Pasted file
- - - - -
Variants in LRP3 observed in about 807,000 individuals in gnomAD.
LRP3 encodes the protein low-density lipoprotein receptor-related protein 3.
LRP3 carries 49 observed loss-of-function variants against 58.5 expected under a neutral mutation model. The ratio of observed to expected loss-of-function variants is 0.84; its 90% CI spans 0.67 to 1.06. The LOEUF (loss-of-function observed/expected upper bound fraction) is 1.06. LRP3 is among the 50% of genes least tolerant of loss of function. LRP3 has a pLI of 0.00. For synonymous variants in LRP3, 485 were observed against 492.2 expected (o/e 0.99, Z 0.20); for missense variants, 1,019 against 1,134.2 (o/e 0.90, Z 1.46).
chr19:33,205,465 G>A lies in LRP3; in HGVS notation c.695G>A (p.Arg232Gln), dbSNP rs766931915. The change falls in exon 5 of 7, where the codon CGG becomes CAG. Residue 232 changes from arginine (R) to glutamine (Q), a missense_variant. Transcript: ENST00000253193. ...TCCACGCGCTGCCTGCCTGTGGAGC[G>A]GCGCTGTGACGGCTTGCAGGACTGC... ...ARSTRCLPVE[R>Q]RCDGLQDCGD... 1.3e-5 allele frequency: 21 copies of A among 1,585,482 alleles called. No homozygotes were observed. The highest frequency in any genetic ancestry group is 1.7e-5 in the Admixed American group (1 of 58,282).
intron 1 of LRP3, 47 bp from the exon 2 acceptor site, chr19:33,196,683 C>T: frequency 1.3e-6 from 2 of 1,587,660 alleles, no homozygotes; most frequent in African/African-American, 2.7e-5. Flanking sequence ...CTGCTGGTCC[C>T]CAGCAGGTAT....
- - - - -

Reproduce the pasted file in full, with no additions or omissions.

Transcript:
Variants in LRP3 observed in about 807,000 individuals in gnomAD.
LRP3 encodes the protein low-density lipoprotein receptor-related protein 3.
LRP3 carries 49 observed loss-of-function variants against 58.5 expected under a neutral mutation model. The ratio of observed to expected loss-of-function variants is 0.84; its 90% CI spans 0.67 to 1.06. The LOEUF (loss-of-function observed/expected upper bound fraction) is 1.06. LRP3 is among the 50% of genes least tolerant of loss of function. LRP3 has a pLI of 0.00. For synonymous variants in LRP3, 485 were observed against 492.2 expected (o/e 0.99, Z 0.20); for missense variants, 1,019 against 1,134.2 (o/e 0.90, Z 1.46).
chr19:33,205,465 G>A lies in LRP3; in HGVS notation c.695G>A (p.Arg232Gln), dbSNP rs766931915. The change falls in exon 5 of 7, where the codon CGG becomes CAG. Residue 232 changes from arginine (R) to glutamine (Q), a missense_variant. Transcript: ENST00000253193. ...TCCACGCGCTGCCTGCCTGTGGAGC[G>A]GCGCTGTGACGGCTTGCAGGACTGC... ...ARSTRCLPVE[R>Q]RCDGLQDCGD... 1.3e-5 allele frequency: 21 copies of A among 1,585,482 alleles called. No homozygotes were observed. The highest frequency in any genetic ancestry group is 1.7e-5 in the Admixed American group (1 of 58,282).
intron 1 of LRP3, 47 bp from the exon 2 acceptor site, chr19:33,196,683 C>T: frequency 1.3e-6 from 2 of 1,587,660 alleles, no homozygotes; most frequent in African/African-American, 2.7e-5. Flanking sequence ...CTGCTGGTCC[C>T]CAGCAGGTAT....